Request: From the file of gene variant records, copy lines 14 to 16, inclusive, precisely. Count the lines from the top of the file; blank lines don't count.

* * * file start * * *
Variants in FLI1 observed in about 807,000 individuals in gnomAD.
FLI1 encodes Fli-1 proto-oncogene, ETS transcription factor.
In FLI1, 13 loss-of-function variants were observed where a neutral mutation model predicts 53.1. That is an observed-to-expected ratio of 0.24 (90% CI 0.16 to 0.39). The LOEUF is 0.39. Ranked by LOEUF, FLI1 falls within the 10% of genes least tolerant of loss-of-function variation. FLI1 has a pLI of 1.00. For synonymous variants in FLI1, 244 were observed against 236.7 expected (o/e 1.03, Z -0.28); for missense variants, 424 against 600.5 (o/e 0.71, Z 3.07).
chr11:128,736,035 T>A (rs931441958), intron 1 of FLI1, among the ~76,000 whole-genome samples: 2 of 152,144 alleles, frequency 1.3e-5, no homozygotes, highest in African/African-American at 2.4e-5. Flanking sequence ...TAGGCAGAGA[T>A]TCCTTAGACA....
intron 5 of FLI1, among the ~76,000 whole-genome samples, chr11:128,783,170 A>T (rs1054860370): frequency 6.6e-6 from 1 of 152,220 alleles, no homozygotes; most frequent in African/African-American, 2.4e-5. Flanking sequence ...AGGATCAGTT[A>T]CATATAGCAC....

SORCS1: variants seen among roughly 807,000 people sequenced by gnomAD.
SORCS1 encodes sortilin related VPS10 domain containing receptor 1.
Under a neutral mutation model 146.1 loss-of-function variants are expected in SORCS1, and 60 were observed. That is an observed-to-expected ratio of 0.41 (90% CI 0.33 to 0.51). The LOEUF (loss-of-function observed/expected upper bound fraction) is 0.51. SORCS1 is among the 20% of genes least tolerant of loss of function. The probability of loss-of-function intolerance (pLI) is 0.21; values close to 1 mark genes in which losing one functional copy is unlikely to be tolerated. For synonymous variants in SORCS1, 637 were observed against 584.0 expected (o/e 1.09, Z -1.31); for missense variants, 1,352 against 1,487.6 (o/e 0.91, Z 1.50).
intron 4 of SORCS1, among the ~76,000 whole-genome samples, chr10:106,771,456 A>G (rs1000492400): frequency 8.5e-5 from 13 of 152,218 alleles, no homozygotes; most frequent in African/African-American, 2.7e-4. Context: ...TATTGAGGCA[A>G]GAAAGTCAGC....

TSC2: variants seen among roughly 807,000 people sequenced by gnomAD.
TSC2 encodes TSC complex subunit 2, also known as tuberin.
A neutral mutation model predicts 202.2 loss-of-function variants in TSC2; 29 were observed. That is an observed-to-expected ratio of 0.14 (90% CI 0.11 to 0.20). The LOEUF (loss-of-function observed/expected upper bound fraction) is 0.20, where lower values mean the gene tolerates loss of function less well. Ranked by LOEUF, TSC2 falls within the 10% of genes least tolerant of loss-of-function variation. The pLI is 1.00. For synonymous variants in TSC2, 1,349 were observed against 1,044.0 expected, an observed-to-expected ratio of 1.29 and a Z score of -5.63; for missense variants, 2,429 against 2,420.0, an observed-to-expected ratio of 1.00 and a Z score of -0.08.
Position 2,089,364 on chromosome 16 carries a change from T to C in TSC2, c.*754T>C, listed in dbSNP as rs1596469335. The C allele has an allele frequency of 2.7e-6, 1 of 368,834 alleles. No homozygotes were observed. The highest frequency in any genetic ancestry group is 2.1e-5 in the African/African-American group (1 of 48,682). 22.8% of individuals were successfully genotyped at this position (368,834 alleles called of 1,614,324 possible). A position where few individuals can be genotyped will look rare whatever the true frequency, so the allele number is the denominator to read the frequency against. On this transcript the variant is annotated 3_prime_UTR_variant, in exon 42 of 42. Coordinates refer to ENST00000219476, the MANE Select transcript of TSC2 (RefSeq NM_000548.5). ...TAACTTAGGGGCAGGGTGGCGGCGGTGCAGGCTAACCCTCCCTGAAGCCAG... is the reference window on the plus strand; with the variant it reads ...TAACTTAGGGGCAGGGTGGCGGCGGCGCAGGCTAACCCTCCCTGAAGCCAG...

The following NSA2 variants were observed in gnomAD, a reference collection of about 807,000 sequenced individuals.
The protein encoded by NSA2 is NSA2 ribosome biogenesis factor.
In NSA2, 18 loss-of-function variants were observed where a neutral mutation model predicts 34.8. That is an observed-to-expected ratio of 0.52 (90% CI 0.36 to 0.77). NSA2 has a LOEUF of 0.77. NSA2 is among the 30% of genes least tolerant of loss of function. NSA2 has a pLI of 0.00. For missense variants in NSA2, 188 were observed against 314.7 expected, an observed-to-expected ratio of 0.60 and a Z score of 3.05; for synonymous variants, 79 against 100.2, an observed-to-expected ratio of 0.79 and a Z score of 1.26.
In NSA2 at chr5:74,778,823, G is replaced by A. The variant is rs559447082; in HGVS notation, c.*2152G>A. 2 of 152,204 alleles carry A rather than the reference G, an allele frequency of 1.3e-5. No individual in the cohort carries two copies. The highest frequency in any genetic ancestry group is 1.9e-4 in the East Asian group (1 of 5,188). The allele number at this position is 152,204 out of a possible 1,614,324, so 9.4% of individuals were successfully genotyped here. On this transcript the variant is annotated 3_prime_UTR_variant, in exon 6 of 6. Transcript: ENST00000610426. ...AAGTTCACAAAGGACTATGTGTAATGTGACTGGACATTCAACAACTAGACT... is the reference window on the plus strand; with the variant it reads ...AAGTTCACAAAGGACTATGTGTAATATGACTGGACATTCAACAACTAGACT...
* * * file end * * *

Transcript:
The following NSA2 variants were observed in gnomAD, a reference collection of about 807,000 sequenced individuals.
The protein encoded by NSA2 is NSA2 ribosome biogenesis factor.
In NSA2, 18 loss-of-function variants were observed where a neutral mutation model predicts 34.8. That is an observed-to-expected ratio of 0.52 (90% CI 0.36 to 0.77). NSA2 has a LOEUF of 0.77. NSA2 is among the 30% of genes least tolerant of loss of function. NSA2 has a pLI of 0.00. For missense variants in NSA2, 188 were observed against 314.7 expected, an observed-to-expected ratio of 0.60 and a Z score of 3.05; for synonymous variants, 79 against 100.2, an observed-to-expected ratio of 0.79 and a Z score of 1.26.